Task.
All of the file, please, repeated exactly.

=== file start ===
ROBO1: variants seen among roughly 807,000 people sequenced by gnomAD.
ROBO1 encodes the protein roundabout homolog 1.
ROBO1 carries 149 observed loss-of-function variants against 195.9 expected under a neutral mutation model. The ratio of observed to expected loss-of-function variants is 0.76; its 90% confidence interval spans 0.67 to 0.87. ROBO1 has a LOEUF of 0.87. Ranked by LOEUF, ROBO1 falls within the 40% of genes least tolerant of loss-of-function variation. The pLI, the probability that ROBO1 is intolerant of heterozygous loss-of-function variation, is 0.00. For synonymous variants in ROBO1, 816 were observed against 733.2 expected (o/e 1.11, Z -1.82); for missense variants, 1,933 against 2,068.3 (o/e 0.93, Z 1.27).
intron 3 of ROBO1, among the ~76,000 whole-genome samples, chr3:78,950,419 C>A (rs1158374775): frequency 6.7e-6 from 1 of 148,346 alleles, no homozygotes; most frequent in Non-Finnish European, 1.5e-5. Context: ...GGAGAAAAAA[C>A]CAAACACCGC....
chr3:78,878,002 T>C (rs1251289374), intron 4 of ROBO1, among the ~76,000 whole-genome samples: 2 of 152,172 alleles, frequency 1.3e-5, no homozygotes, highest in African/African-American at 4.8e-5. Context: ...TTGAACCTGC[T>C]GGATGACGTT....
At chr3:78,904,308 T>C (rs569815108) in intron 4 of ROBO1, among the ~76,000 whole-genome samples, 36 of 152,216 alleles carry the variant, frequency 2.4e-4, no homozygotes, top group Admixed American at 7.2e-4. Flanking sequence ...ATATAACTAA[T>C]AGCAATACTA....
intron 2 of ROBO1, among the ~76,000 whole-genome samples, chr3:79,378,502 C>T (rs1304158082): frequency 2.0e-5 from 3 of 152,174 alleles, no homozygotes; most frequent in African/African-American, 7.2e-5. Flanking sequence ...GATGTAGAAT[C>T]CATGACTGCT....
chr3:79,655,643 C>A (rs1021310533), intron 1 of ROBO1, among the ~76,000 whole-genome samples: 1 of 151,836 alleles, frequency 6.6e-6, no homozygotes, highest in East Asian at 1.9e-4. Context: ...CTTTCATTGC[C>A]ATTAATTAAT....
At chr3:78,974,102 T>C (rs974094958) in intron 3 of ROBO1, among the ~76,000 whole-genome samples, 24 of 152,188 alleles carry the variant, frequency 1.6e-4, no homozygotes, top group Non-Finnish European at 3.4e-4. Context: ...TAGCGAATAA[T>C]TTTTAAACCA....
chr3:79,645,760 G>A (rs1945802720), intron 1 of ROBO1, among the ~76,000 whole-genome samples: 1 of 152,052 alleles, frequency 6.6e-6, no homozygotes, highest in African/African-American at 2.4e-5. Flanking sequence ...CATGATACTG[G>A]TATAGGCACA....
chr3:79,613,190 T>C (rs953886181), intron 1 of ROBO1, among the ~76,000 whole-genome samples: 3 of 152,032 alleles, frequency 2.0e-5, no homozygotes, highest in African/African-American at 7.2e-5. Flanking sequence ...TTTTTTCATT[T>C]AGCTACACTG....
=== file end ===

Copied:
ROBO1: variants seen among roughly 807,000 people sequenced by gnomAD.
ROBO1 encodes the protein roundabout homolog 1.
ROBO1 carries 149 observed loss-of-function variants against 195.9 expected under a neutral mutation model. The ratio of observed to expected loss-of-function variants is 0.76; its 90% confidence interval spans 0.67 to 0.87. ROBO1 has a LOEUF of 0.87. Ranked by LOEUF, ROBO1 falls within the 40% of genes least tolerant of loss-of-function variation. The pLI, the probability that ROBO1 is intolerant of heterozygous loss-of-function variation, is 0.00. For synonymous variants in ROBO1, 816 were observed against 733.2 expected (o/e 1.11, Z -1.82); for missense variants, 1,933 against 2,068.3 (o/e 0.93, Z 1.27).
intron 3 of ROBO1, among the ~76,000 whole-genome samples, chr3:78,950,419 C>A (rs1158374775): frequency 6.7e-6 from 1 of 148,346 alleles, no homozygotes; most frequent in Non-Finnish European, 1.5e-5. Context: ...GGAGAAAAAA[C>A]CAAACACCGC....
chr3:78,878,002 T>C (rs1251289374), intron 4 of ROBO1, among the ~76,000 whole-genome samples: 2 of 152,172 alleles, frequency 1.3e-5, no homozygotes, highest in African/African-American at 4.8e-5. Context: ...TTGAACCTGC[T>C]GGATGACGTT....
At chr3:78,904,308 T>C (rs569815108) in intron 4 of ROBO1, among the ~76,000 whole-genome samples, 36 of 152,216 alleles carry the variant, frequency 2.4e-4, no homozygotes, top group Admixed American at 7.2e-4. Flanking sequence ...ATATAACTAA[T>C]AGCAATACTA....
intron 2 of ROBO1, among the ~76,000 whole-genome samples, chr3:79,378,502 C>T (rs1304158082): frequency 2.0e-5 from 3 of 152,174 alleles, no homozygotes; most frequent in African/African-American, 7.2e-5. Flanking sequence ...GATGTAGAAT[C>T]CATGACTGCT....
chr3:79,655,643 C>A (rs1021310533), intron 1 of ROBO1, among the ~76,000 whole-genome samples: 1 of 151,836 alleles, frequency 6.6e-6, no homozygotes, highest in East Asian at 1.9e-4. Context: ...CTTTCATTGC[C>A]ATTAATTAAT....
At chr3:78,974,102 T>C (rs974094958) in intron 3 of ROBO1, among the ~76,000 whole-genome samples, 24 of 152,188 alleles carry the variant, frequency 1.6e-4, no homozygotes, top group Non-Finnish European at 3.4e-4. Context: ...TAGCGAATAA[T>C]TTTTAAACCA....
chr3:79,645,760 G>A (rs1945802720), intron 1 of ROBO1, among the ~76,000 whole-genome samples: 1 of 152,052 alleles, frequency 6.6e-6, no homozygotes, highest in African/African-American at 2.4e-5. Flanking sequence ...CATGATACTG[G>A]TATAGGCACA....
chr3:79,613,190 T>C (rs953886181), intron 1 of ROBO1, among the ~76,000 whole-genome samples: 3 of 152,032 alleles, frequency 2.0e-5, no homozygotes, highest in African/African-American at 7.2e-5. Flanking sequence ...TTTTTTCATT[T>C]AGCTACACTG....